GPs admit failing to diagnose dementia

'We wish to draw attention to the challenge facing general practice'
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Up to 500 people each day are diagnosed with Alzheimer's Disease and other forms of dementia, according to new figures which also predict a 1 per cent rise in incidence of the condition annually for the next 25 years.

A survey of 2,000 carers and 700 GPs also reveals poor diagnosis and management of dementia, with more than three-quarters of doctors admitting poor knowledge of the condition. Sixty per cent of carers said the GP did not carry out a memory test when first seeing a a patient with memory problems or confusion. More than 40 per cent of GPs did not offer any diagnosis. Of those patients subsequently diagnosed with dementia, 13 per cent were originally thought by GPs to have depression while 17 per cent were said to be "suffering the effects of old age".

The Alzheimer's Disease Society which has published the survey to coincide with Alzheimer's Awareness Week, wants to highlight the plight of carers, many of whom are over 70. Sixty per cent reported health problems linked to caring but just over half were receiving regular follow-up from their GPs.

Harry Cayton, executive director of the Alzheimer's Disease Society, said: "We do not wish to apportion blame but to draw attention to the challenge facing general practice if it is to play full role in community care. We want to work with GPs to ensure early diagnosis and effective care management."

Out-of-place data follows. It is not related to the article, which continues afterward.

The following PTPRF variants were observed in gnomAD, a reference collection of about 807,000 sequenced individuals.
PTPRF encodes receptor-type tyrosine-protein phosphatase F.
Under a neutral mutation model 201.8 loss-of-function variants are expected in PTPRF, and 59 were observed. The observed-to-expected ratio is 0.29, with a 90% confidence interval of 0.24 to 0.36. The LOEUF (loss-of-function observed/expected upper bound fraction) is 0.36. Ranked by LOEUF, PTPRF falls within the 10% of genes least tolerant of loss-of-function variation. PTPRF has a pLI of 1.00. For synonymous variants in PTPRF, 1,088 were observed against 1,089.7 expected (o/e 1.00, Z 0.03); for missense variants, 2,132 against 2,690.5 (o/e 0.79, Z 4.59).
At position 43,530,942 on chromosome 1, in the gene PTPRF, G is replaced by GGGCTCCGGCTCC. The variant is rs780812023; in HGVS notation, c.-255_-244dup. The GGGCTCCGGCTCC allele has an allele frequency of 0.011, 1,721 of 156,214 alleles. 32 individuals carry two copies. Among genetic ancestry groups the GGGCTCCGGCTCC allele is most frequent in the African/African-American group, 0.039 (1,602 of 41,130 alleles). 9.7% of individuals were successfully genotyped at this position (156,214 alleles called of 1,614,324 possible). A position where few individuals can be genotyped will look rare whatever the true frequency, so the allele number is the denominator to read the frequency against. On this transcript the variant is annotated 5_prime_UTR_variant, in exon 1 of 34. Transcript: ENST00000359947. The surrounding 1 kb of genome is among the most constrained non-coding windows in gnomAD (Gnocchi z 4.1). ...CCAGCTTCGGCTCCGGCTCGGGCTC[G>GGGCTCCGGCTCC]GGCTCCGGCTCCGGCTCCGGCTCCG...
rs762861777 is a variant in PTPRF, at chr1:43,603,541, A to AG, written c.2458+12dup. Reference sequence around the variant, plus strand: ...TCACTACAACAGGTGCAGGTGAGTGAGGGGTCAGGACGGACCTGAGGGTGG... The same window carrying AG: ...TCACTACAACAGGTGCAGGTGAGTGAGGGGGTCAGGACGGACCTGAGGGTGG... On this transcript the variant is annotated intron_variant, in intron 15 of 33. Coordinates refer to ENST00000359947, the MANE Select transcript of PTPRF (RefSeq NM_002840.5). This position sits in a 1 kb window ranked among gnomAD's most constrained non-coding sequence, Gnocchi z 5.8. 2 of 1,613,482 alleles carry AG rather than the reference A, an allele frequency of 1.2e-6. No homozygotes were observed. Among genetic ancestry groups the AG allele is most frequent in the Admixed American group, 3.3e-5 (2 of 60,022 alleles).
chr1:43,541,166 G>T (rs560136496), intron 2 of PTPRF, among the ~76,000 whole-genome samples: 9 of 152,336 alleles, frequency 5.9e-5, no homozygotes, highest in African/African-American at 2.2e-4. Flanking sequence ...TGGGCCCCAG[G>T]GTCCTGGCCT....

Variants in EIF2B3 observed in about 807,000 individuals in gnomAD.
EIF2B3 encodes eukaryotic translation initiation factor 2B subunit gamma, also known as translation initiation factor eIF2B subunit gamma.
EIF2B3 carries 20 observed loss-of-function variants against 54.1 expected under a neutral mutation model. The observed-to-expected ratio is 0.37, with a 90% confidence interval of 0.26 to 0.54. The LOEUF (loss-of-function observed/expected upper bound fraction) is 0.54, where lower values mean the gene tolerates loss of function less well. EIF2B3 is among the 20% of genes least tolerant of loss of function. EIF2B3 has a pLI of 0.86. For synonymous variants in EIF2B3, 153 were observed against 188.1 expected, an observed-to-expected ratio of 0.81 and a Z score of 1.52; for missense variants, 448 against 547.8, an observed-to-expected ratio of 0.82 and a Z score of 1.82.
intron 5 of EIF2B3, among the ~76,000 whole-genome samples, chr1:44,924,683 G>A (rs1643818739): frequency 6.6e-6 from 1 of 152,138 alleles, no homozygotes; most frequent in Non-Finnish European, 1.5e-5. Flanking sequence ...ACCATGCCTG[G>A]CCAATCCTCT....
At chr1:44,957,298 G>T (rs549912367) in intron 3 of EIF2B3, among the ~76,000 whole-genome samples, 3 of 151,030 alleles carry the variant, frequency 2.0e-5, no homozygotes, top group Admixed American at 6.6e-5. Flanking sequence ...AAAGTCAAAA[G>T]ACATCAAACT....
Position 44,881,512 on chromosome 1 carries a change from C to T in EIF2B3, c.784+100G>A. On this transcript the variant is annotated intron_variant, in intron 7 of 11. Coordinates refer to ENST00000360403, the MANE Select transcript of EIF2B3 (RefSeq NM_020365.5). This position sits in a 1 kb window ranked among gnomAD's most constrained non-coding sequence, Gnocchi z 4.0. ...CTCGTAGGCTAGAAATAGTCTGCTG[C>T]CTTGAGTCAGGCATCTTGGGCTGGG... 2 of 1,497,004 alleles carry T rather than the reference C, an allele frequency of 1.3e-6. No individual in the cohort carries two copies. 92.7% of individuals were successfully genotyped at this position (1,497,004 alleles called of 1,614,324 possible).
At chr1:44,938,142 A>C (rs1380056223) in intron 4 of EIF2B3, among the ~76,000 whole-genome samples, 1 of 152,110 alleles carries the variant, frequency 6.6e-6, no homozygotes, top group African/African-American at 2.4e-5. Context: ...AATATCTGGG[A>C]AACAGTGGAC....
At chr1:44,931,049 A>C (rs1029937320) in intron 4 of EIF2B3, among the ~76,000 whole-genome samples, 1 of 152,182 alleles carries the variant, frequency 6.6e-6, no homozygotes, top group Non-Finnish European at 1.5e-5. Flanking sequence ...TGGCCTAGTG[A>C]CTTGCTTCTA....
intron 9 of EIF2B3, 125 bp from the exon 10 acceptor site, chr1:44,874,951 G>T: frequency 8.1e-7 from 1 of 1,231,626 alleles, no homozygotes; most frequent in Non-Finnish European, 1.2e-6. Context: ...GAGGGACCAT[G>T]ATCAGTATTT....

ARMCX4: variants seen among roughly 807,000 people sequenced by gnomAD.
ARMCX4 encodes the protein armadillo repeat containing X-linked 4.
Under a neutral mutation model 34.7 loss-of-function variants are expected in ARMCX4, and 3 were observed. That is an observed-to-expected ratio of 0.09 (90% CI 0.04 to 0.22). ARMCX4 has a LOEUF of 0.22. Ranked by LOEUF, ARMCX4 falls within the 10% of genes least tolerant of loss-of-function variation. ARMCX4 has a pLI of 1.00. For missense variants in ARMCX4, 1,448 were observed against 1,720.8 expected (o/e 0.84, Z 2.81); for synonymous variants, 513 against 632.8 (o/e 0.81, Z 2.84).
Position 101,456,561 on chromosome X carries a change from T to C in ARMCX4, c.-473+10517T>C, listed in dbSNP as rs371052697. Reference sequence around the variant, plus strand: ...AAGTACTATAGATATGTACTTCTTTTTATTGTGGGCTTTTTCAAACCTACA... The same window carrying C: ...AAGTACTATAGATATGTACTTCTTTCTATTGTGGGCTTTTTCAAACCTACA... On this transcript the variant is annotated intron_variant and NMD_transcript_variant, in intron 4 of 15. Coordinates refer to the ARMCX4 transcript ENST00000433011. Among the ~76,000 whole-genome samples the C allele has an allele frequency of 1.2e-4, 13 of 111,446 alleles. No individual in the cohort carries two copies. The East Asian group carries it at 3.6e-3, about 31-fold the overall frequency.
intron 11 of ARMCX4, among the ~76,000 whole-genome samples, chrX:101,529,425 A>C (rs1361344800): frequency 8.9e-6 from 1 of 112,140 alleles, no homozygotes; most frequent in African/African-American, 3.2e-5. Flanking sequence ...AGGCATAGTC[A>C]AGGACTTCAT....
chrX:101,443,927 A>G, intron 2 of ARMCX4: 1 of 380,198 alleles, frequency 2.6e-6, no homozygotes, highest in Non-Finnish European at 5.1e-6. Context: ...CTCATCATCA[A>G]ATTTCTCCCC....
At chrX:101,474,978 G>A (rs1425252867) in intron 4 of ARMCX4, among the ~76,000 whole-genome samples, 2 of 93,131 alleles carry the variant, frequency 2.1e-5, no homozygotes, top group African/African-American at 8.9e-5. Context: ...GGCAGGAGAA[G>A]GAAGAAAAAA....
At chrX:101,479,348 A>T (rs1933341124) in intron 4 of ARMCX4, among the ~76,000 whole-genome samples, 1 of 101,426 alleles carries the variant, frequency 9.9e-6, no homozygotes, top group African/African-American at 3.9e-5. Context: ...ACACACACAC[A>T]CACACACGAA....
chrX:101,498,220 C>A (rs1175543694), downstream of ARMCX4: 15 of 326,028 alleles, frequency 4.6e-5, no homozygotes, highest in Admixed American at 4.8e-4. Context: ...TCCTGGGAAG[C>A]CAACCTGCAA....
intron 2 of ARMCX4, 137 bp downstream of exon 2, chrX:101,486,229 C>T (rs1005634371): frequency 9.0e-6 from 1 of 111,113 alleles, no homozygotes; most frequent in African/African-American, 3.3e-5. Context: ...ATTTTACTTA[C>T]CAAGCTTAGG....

He said that each year there were 180,000 new cases of dementia, a figure based on a new study published in the Archives of General Psychiatry. This found that annual incidence rates for dementia were 2.3 per cent for people aged 75-79; 4.6 per cent for people aged 80-84 and 8.5 per cent for people aged 85-89 years.

"The Alzheimer's Disease Society has estimated the annual incidence of dementia in the UK at 180,000 using these rates and the population figures in the OPCS Population Trends 78 (Winter 1994)," Mr Cayton said. There are about 650,000 people with dementia in the UK.

The society is calling on the Government to improve GP training and education, and to consider incentives for GPs to carry out health checks on the over 75s.

- Right from the Start: Primary Health Care and Dementia; Alzheimer's Disease Society, Gordon House, 10 Greencoat Place, London SW1P 1PH; pounds 3.50.